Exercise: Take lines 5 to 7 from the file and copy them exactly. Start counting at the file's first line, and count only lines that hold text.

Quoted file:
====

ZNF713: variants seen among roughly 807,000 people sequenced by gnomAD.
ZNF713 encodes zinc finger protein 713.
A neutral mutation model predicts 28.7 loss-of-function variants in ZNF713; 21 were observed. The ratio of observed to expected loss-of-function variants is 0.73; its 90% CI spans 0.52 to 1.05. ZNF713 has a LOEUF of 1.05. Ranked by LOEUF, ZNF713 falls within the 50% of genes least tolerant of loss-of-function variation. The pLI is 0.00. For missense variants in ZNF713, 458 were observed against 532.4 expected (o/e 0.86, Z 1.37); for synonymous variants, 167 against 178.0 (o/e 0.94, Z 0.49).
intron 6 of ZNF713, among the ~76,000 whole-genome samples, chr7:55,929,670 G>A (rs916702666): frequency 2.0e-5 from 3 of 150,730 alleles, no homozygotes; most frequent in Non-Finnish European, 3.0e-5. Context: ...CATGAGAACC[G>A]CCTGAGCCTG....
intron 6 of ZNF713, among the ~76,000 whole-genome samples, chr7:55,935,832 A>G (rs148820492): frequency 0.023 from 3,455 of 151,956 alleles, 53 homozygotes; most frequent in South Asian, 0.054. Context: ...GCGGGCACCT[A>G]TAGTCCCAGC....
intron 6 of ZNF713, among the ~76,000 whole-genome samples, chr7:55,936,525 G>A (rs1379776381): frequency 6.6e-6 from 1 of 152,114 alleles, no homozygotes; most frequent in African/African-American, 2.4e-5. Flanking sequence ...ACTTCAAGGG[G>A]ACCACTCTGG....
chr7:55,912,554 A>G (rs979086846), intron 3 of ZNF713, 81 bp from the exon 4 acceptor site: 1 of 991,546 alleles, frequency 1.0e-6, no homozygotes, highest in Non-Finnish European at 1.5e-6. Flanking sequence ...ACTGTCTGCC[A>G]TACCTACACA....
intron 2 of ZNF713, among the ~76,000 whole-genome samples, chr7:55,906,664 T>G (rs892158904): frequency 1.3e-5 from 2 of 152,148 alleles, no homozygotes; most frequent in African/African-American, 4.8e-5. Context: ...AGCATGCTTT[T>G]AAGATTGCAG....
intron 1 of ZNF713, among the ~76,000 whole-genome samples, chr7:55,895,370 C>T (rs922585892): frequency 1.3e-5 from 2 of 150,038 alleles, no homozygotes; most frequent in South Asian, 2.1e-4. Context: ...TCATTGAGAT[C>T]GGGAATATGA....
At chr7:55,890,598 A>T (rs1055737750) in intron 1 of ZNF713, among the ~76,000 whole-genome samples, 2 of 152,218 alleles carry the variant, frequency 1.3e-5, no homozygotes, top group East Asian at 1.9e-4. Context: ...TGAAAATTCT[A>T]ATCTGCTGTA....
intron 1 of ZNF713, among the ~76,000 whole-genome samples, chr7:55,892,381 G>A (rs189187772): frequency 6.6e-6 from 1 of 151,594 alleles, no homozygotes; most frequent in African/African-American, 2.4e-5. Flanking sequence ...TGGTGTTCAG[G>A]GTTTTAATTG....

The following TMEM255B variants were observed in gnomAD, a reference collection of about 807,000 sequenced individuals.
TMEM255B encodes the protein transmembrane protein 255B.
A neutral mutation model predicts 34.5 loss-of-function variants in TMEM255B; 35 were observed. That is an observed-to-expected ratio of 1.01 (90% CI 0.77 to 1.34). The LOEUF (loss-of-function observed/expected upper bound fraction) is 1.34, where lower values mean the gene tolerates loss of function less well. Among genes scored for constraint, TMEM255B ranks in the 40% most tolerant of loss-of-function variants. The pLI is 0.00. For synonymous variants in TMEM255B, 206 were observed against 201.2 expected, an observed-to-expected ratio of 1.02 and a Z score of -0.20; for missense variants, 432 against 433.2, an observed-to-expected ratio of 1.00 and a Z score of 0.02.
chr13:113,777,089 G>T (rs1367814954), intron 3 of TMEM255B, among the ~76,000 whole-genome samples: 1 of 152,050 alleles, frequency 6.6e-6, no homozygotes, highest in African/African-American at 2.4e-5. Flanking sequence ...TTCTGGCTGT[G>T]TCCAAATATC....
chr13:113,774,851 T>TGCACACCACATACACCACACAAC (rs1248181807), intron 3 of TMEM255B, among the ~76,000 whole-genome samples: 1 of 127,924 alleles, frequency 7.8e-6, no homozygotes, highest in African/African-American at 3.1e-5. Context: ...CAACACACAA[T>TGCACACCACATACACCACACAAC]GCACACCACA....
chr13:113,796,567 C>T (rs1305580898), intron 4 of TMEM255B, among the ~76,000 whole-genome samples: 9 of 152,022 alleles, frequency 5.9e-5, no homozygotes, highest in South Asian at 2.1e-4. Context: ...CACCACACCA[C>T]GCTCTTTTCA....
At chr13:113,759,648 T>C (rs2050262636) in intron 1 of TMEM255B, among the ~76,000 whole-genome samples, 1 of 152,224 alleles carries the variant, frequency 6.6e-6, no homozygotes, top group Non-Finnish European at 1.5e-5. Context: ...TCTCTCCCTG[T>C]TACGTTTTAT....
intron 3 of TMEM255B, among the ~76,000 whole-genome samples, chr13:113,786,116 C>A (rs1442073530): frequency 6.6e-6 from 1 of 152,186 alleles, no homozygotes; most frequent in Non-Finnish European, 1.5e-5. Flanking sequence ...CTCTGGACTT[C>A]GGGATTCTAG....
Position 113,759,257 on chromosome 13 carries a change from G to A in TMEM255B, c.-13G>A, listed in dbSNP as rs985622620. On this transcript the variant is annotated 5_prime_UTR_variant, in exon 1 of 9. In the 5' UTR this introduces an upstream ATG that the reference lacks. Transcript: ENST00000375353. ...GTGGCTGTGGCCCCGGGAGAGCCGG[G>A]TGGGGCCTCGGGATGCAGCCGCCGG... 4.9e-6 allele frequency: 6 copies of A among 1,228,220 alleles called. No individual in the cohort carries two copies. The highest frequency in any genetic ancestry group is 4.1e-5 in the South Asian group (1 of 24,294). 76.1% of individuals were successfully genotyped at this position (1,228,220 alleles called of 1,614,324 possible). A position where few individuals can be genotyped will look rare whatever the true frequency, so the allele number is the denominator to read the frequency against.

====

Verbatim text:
intron 6 of ZNF713, among the ~76,000 whole-genome samples, chr7:55,935,832 A>G (rs148820492): frequency 0.023 from 3,455 of 151,956 alleles, 53 homozygotes; most frequent in South Asian, 0.054. Context: ...GCGGGCACCT[A>G]TAGTCCCAGC....
intron 6 of ZNF713, among the ~76,000 whole-genome samples, chr7:55,936,525 G>A (rs1379776381): frequency 6.6e-6 from 1 of 152,114 alleles, no homozygotes; most frequent in African/African-American, 2.4e-5. Flanking sequence ...ACTTCAAGGG[G>A]ACCACTCTGG....
chr7:55,912,554 A>G (rs979086846), intron 3 of ZNF713, 81 bp from the exon 4 acceptor site: 1 of 991,546 alleles, frequency 1.0e-6, no homozygotes, highest in Non-Finnish European at 1.5e-6. Flanking sequence ...ACTGTCTGCC[A>G]TACCTACACA....